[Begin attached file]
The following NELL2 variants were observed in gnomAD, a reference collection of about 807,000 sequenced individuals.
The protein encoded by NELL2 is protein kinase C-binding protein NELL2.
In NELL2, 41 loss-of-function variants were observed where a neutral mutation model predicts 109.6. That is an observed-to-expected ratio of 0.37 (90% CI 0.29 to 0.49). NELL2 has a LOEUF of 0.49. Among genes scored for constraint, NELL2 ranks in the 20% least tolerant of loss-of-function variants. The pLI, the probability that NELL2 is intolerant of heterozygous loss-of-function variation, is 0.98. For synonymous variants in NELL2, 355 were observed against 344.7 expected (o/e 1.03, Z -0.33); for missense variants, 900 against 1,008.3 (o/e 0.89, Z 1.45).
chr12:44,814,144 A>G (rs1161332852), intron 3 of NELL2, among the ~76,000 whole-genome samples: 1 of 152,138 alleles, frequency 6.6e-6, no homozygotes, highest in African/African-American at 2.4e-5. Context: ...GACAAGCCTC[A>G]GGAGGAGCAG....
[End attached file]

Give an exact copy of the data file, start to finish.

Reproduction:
The following NELL2 variants were observed in gnomAD, a reference collection of about 807,000 sequenced individuals.
The protein encoded by NELL2 is protein kinase C-binding protein NELL2.
In NELL2, 41 loss-of-function variants were observed where a neutral mutation model predicts 109.6. That is an observed-to-expected ratio of 0.37 (90% CI 0.29 to 0.49). NELL2 has a LOEUF of 0.49. Among genes scored for constraint, NELL2 ranks in the 20% least tolerant of loss-of-function variants. The pLI, the probability that NELL2 is intolerant of heterozygous loss-of-function variation, is 0.98. For synonymous variants in NELL2, 355 were observed against 344.7 expected (o/e 1.03, Z -0.33); for missense variants, 900 against 1,008.3 (o/e 0.89, Z 1.45).
chr12:44,814,144 A>G (rs1161332852), intron 3 of NELL2, among the ~76,000 whole-genome samples: 1 of 152,138 alleles, frequency 6.6e-6, no homozygotes, highest in African/African-American at 2.4e-5. Context: ...GACAAGCCTC[A>G]GGAGGAGCAG....